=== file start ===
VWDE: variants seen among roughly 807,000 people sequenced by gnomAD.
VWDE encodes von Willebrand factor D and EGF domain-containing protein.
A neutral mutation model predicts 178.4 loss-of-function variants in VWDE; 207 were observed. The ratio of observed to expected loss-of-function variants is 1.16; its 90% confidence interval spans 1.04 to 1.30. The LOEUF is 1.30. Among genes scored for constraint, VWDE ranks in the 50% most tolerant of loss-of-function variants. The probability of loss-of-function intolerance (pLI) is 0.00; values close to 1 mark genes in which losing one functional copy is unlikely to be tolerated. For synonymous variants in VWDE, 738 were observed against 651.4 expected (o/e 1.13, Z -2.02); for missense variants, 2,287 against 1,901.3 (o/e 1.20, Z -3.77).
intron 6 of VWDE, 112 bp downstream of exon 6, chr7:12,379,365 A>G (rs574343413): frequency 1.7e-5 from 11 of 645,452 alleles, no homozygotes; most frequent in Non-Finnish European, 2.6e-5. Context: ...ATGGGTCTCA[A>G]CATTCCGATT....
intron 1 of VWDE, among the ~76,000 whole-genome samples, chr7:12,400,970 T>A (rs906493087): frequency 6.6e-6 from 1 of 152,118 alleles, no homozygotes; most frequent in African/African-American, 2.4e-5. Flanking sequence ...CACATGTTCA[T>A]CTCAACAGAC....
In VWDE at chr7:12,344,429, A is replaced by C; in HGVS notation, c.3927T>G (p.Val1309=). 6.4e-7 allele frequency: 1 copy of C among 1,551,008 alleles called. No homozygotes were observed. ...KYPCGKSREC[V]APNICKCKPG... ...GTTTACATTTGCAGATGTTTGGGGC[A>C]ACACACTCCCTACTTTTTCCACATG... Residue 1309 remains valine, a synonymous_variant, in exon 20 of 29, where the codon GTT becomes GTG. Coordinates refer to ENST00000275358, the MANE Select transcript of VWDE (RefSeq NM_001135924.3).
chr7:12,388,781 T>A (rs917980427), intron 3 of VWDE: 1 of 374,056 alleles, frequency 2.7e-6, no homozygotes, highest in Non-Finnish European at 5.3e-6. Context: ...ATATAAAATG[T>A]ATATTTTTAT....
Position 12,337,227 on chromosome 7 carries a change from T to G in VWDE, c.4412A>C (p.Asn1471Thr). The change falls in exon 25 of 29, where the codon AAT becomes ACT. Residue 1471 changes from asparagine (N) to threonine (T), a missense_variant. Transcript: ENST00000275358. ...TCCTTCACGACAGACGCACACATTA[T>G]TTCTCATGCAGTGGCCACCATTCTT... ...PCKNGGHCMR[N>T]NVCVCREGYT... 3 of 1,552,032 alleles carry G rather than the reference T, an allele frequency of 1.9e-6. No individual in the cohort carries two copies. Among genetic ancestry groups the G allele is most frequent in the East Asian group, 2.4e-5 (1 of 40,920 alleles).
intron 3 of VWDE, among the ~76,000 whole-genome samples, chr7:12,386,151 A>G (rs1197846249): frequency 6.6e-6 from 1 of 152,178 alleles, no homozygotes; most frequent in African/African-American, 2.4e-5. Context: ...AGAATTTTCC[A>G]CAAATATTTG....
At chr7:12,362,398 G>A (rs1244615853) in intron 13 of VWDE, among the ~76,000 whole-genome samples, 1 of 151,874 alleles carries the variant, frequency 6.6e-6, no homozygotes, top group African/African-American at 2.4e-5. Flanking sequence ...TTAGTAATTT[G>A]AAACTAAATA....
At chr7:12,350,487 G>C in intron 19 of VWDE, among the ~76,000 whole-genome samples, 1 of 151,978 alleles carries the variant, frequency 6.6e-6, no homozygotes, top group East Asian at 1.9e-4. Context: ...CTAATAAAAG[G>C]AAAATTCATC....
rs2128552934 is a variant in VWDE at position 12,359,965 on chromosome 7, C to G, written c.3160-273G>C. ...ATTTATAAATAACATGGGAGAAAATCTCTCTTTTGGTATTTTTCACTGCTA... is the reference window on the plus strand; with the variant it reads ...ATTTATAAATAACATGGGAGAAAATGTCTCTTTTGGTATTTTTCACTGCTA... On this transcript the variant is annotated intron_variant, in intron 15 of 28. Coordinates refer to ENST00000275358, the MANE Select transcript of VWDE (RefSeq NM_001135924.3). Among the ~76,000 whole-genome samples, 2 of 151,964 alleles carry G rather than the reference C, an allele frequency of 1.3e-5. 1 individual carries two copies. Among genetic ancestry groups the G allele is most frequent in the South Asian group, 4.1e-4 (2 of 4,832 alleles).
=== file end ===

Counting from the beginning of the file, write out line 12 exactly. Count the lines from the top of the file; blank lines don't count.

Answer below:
rs2128552934 is a variant in VWDE at position 12,359,965 on chromosome 7, C to G, written c.3160-273G>C. ...ATTTATAAATAACATGGGAGAAAATCTCTCTTTTGGTATTTTTCACTGCTA... is the reference window on the plus strand; with the variant it reads ...ATTTATAAATAACATGGGAGAAAATGTCTCTTTTGGTATTTTTCACTGCTA... On this transcript the variant is annotated intron_variant, in intron 15 of 28. Coordinates refer to ENST00000275358, the MANE Select transcript of VWDE (RefSeq NM_001135924.3). Among the ~76,000 whole-genome samples, 2 of 151,964 alleles carry G rather than the reference C, an allele frequency of 1.3e-5. 1 individual carries two copies. Among genetic ancestry groups the G allele is most frequent in the South Asian group, 4.1e-4 (2 of 4,832 alleles).